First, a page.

Fixed rates currently run from 4.99 to 10.49% APR. LendKey is able to offer better than average rates because of the unique funding model. Credit unions are not for profit financial institutions, so they tend to offer more favorable rates and fees for all available products. With LendKey in the middle, you get a simple, high-tech experience with the savings and community power of a credit union.
Pay early. Pay often. Pay extra. If you want to ensure that your loan is paid off faster, tell your servicer two things. First, tell them that the extra you pay is not intended to be put toward future payments. Second, tell them to apply the additional payments to your loan with the highest interest rate. By doing this, you can reduce the amount of interest you pay and reduce the total cost of your loan over time.
If you or your recent grad has this type of loan—which makes up 15 percent of total U.S. education debt—this may seem like an odd move. After all, the interest rates on variable private loans (given by banks and credit unions) are currently lower than the fixed rates on federally backed and private loans. But historically this situation is unusual, and if the economy improves, interest hikes are probable in the near future. “Rates could climb 5 to 6 percent over the next four years, making your monthly burden unmanageable,” says Kantrowitz. That’s why it’s wise to unload these balances as soon as possible. If you can, pay twice the required amount until you have eliminated this debt and make only the minimum monthly contribution toward your fixed-rate federal loans, since those rates cannot increase.
Lowest rates shown include the auto debit discount: Fixed 4.74% - 11.35% APR and Variable 2.75% - 10.22% APR. Interest rates for Fixed and Deferred Repayment Options are higher than interest rates for the Interest Repayment Option. You're charged interest starting at disbursement, while in school, during your separation/grace period, and until the loan is paid in full. The repayment option that is selected will apply during the in-school and separation/grace periods. When you enter principal and interest repayment, Unpaid Interest will be added to your loan's Current Principal. Variable rates may increase over the life of the loan. Advertised variable rates reflect the starting range of rates and may vary outside of that range over the life of the loan. Advertised APRs are valid as of 11/25/2019 and assume a $10,000 loan to a freshman with no other Sallie Mae loans. Additional information regarding the auto debit discount: Borrower or cosigner must enroll in auto debit through Sallie Mae to receive a 0.25 percentage point interest rate reduction benefit. This benefit applies only during active repayment for as long as the Current Amount Due or Designated Amount is successfully withdrawn from the authorized bank account each month and may be suspended during periods of forbearance or deferment, if available for the loan. Loan amounts: $1000 up to 100% of the school certified expenses: Loan amount cannot exceed the cost of attendance less financial aid received as certified by the school. Sallie Mae reserves the right to approve a lower loan amount than the school-certified amount. Repayment term of 5 to 15 years: This repayment example is based on a typical Smart Option Student Loan made to a freshman borrower who chooses a fixed rate and the Fixed Repayment Option for a $10,000 loan, with two disbursements, and a 8.44% fixed APR. It works out to 51 payments of $25.00, 119 payments of $156.04 and one payment of $118.97, for a Total Loan Cost of $19,962.73.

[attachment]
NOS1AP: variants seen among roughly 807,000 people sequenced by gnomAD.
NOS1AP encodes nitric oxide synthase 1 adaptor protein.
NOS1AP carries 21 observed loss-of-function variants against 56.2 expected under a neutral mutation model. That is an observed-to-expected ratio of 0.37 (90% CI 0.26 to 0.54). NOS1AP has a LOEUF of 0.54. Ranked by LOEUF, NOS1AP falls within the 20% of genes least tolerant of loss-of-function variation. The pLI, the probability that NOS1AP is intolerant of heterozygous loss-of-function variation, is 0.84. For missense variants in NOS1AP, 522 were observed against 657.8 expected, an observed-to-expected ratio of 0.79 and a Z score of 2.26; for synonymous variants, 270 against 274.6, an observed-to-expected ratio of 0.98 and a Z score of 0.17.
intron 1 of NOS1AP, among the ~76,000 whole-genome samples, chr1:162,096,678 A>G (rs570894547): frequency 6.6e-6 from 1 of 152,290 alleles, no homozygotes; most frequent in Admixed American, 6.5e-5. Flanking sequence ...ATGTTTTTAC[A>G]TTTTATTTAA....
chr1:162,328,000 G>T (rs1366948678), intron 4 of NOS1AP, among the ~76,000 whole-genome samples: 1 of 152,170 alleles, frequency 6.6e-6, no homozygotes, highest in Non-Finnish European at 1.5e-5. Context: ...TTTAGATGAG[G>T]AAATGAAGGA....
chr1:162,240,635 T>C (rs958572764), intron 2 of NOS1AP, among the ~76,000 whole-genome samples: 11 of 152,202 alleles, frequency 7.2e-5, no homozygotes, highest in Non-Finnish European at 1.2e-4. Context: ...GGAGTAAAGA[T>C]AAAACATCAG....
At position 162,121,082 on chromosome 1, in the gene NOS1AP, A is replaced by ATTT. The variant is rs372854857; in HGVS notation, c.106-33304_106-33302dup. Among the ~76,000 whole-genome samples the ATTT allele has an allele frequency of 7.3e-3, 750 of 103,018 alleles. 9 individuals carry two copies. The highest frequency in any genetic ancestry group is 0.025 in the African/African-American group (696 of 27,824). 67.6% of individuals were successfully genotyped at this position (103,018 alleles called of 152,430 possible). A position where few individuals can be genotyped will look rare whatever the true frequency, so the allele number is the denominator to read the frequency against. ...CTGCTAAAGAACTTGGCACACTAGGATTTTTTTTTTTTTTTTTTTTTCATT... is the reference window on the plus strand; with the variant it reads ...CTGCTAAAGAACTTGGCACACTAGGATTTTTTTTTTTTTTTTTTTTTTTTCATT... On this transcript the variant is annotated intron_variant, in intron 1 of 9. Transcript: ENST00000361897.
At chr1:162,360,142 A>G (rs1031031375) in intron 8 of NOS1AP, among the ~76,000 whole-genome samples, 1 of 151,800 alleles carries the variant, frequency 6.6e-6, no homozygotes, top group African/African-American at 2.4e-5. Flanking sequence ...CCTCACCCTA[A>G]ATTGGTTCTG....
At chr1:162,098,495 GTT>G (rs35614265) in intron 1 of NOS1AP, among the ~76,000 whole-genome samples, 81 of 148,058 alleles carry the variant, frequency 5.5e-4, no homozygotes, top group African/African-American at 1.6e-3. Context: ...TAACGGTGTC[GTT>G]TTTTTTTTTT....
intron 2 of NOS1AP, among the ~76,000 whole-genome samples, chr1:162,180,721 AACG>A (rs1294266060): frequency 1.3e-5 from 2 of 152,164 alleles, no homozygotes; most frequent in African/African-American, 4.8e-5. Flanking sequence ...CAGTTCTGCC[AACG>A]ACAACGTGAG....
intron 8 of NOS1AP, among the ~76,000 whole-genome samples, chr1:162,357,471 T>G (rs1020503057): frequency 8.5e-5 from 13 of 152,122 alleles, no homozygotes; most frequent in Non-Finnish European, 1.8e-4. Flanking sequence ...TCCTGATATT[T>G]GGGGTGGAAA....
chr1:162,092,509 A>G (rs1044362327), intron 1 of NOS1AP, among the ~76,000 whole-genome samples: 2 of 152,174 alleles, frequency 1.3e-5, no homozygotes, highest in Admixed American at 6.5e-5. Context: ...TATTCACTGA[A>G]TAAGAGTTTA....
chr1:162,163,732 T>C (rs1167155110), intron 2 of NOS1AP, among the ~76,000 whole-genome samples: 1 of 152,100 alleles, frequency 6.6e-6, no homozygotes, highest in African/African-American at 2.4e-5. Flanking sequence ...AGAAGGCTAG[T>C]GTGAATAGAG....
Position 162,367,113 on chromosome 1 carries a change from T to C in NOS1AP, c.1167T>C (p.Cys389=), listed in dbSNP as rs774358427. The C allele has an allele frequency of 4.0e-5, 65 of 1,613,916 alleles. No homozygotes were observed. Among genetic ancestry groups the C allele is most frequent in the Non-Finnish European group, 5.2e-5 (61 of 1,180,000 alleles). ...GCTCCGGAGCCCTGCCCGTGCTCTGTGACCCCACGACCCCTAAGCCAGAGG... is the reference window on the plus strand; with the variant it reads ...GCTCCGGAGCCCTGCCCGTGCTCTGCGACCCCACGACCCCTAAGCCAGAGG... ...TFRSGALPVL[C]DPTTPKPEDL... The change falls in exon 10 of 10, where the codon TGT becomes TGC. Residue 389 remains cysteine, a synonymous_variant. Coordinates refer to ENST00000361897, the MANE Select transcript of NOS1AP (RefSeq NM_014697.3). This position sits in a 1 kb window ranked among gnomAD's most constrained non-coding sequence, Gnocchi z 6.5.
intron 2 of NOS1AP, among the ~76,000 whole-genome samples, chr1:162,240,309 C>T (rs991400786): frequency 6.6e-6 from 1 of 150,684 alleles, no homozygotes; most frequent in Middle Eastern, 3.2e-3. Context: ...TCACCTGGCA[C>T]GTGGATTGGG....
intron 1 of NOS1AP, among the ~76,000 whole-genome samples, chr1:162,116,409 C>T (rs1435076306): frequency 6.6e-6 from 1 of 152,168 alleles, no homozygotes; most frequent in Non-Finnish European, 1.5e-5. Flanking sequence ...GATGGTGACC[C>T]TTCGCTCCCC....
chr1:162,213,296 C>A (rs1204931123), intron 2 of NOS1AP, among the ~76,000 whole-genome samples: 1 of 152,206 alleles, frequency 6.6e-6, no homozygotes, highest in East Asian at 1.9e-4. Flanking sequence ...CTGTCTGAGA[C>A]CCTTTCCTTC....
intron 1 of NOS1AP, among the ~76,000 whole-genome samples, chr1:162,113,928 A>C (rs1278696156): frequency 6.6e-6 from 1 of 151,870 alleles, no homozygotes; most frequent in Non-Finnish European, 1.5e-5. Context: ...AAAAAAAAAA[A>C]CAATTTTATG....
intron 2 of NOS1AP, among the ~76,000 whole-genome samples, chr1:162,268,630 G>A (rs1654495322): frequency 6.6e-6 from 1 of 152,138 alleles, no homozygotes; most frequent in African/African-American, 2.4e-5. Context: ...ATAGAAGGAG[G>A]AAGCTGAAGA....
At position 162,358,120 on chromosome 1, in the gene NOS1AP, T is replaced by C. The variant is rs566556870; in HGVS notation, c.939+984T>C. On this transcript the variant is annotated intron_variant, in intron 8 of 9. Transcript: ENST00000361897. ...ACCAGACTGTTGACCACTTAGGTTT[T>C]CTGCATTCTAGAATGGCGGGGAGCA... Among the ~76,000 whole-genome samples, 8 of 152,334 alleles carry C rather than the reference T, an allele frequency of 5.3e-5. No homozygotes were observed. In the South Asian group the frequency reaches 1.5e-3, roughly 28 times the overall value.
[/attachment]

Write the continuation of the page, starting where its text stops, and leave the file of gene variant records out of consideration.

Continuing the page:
For example, you could apply part of your yearly bonus from work or a tax refund to your debt, said Brian Walsh, a certified financial planner and financial planning manager at SoFi. Or you could participate in a challenge like dry January or a no-spend month to come up with the extra cash. It might feel painful to put something fun like a cash windfall toward your student loan debt, but the results can be dramatic.

If you decide to take out a loan, make sure you understand who is making the loan and the terms and conditions of the loan. Student loans can come from the federal government, from private sources such as a bank or financial institution, or from other organizations. Loans made by the federal government, called federal student loans, usually have more benefits than loans from banks or other private sources. Learn more about the differences between federal and private student loans. 
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